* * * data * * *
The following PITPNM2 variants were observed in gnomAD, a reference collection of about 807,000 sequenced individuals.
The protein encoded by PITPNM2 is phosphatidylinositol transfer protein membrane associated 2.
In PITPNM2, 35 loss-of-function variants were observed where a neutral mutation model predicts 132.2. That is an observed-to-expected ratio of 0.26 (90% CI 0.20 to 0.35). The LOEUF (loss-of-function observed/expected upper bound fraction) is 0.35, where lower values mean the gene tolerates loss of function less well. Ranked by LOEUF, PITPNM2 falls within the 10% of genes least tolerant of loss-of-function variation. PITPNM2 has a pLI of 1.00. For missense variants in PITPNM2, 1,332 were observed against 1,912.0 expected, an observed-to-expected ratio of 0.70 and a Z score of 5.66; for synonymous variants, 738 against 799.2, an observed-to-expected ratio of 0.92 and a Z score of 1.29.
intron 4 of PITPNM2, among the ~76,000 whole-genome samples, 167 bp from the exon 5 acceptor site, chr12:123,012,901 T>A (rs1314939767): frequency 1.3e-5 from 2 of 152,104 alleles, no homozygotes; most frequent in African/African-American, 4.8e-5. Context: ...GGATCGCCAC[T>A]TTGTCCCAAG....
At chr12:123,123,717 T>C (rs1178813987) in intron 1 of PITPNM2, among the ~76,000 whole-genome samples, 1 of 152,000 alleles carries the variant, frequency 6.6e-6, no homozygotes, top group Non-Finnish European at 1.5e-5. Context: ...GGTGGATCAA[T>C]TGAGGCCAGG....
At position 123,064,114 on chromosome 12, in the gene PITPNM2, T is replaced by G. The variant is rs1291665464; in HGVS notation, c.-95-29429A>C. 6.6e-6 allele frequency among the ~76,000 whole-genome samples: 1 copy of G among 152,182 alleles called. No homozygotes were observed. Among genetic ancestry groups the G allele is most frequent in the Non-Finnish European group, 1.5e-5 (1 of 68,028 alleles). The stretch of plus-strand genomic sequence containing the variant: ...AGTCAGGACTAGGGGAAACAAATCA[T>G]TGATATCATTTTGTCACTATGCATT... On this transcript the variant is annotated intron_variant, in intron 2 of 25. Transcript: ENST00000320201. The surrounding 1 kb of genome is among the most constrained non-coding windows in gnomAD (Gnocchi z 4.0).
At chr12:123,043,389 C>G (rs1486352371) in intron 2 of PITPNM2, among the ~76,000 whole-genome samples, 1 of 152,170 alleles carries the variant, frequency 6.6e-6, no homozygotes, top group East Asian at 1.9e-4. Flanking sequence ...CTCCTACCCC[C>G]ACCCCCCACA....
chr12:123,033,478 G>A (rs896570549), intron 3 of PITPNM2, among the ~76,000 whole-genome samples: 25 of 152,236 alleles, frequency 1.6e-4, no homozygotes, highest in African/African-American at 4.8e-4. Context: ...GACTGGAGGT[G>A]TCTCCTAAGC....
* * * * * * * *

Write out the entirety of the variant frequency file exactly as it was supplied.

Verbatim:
The following PITPNM2 variants were observed in gnomAD, a reference collection of about 807,000 sequenced individuals.
The protein encoded by PITPNM2 is phosphatidylinositol transfer protein membrane associated 2.
In PITPNM2, 35 loss-of-function variants were observed where a neutral mutation model predicts 132.2. That is an observed-to-expected ratio of 0.26 (90% CI 0.20 to 0.35). The LOEUF (loss-of-function observed/expected upper bound fraction) is 0.35, where lower values mean the gene tolerates loss of function less well. Ranked by LOEUF, PITPNM2 falls within the 10% of genes least tolerant of loss-of-function variation. PITPNM2 has a pLI of 1.00. For missense variants in PITPNM2, 1,332 were observed against 1,912.0 expected, an observed-to-expected ratio of 0.70 and a Z score of 5.66; for synonymous variants, 738 against 799.2, an observed-to-expected ratio of 0.92 and a Z score of 1.29.
intron 4 of PITPNM2, among the ~76,000 whole-genome samples, 167 bp from the exon 5 acceptor site, chr12:123,012,901 T>A (rs1314939767): frequency 1.3e-5 from 2 of 152,104 alleles, no homozygotes; most frequent in African/African-American, 4.8e-5. Context: ...GGATCGCCAC[T>A]TTGTCCCAAG....
At chr12:123,123,717 T>C (rs1178813987) in intron 1 of PITPNM2, among the ~76,000 whole-genome samples, 1 of 152,000 alleles carries the variant, frequency 6.6e-6, no homozygotes, top group Non-Finnish European at 1.5e-5. Context: ...GGTGGATCAA[T>C]TGAGGCCAGG....
At position 123,064,114 on chromosome 12, in the gene PITPNM2, T is replaced by G. The variant is rs1291665464; in HGVS notation, c.-95-29429A>C. 6.6e-6 allele frequency among the ~76,000 whole-genome samples: 1 copy of G among 152,182 alleles called. No homozygotes were observed. Among genetic ancestry groups the G allele is most frequent in the Non-Finnish European group, 1.5e-5 (1 of 68,028 alleles). The stretch of plus-strand genomic sequence containing the variant: ...AGTCAGGACTAGGGGAAACAAATCA[T>G]TGATATCATTTTGTCACTATGCATT... On this transcript the variant is annotated intron_variant, in intron 2 of 25. Transcript: ENST00000320201. The surrounding 1 kb of genome is among the most constrained non-coding windows in gnomAD (Gnocchi z 4.0).
At chr12:123,043,389 C>G (rs1486352371) in intron 2 of PITPNM2, among the ~76,000 whole-genome samples, 1 of 152,170 alleles carries the variant, frequency 6.6e-6, no homozygotes, top group East Asian at 1.9e-4. Flanking sequence ...CTCCTACCCC[C>G]ACCCCCCACA....
chr12:123,033,478 G>A (rs896570549), intron 3 of PITPNM2, among the ~76,000 whole-genome samples: 25 of 152,236 alleles, frequency 1.6e-4, no homozygotes, highest in African/African-American at 4.8e-4. Context: ...GACTGGAGGT[G>A]TCTCCTAAGC....